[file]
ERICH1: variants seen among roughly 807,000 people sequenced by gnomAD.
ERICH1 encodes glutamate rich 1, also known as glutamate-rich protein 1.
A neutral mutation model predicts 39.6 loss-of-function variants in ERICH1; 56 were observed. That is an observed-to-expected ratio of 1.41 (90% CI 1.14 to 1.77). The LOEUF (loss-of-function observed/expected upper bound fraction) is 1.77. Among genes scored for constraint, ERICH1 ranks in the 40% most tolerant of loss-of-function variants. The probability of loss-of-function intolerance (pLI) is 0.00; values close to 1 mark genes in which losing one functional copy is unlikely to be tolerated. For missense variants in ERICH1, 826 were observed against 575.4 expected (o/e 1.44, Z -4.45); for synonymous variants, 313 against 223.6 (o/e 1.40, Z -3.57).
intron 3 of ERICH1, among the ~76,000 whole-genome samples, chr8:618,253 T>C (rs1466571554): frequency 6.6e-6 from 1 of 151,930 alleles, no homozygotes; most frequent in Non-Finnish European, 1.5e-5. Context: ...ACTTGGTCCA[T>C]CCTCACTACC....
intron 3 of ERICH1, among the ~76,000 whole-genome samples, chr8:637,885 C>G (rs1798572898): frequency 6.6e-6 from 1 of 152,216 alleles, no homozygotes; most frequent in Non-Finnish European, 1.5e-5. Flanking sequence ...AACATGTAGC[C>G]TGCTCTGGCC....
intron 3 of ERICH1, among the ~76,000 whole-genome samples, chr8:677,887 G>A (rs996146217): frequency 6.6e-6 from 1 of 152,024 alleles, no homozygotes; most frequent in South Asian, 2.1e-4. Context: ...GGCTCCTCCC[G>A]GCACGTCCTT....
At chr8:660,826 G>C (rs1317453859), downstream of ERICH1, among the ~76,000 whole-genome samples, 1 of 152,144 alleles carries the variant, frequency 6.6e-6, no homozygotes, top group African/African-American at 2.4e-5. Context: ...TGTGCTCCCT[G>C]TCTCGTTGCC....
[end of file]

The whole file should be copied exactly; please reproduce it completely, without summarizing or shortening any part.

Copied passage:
ERICH1: variants seen among roughly 807,000 people sequenced by gnomAD.
ERICH1 encodes glutamate rich 1, also known as glutamate-rich protein 1.
A neutral mutation model predicts 39.6 loss-of-function variants in ERICH1; 56 were observed. That is an observed-to-expected ratio of 1.41 (90% CI 1.14 to 1.77). The LOEUF (loss-of-function observed/expected upper bound fraction) is 1.77. Among genes scored for constraint, ERICH1 ranks in the 40% most tolerant of loss-of-function variants. The probability of loss-of-function intolerance (pLI) is 0.00; values close to 1 mark genes in which losing one functional copy is unlikely to be tolerated. For missense variants in ERICH1, 826 were observed against 575.4 expected (o/e 1.44, Z -4.45); for synonymous variants, 313 against 223.6 (o/e 1.40, Z -3.57).
intron 3 of ERICH1, among the ~76,000 whole-genome samples, chr8:618,253 T>C (rs1466571554): frequency 6.6e-6 from 1 of 151,930 alleles, no homozygotes; most frequent in Non-Finnish European, 1.5e-5. Context: ...ACTTGGTCCA[T>C]CCTCACTACC....
intron 3 of ERICH1, among the ~76,000 whole-genome samples, chr8:637,885 C>G (rs1798572898): frequency 6.6e-6 from 1 of 152,216 alleles, no homozygotes; most frequent in Non-Finnish European, 1.5e-5. Flanking sequence ...AACATGTAGC[C>G]TGCTCTGGCC....
intron 3 of ERICH1, among the ~76,000 whole-genome samples, chr8:677,887 G>A (rs996146217): frequency 6.6e-6 from 1 of 152,024 alleles, no homozygotes; most frequent in South Asian, 2.1e-4. Context: ...GGCTCCTCCC[G>A]GCACGTCCTT....
At chr8:660,826 G>C (rs1317453859), downstream of ERICH1, among the ~76,000 whole-genome samples, 1 of 152,144 alleles carries the variant, frequency 6.6e-6, no homozygotes, top group African/African-American at 2.4e-5. Context: ...TGTGCTCCCT[G>C]TCTCGTTGCC....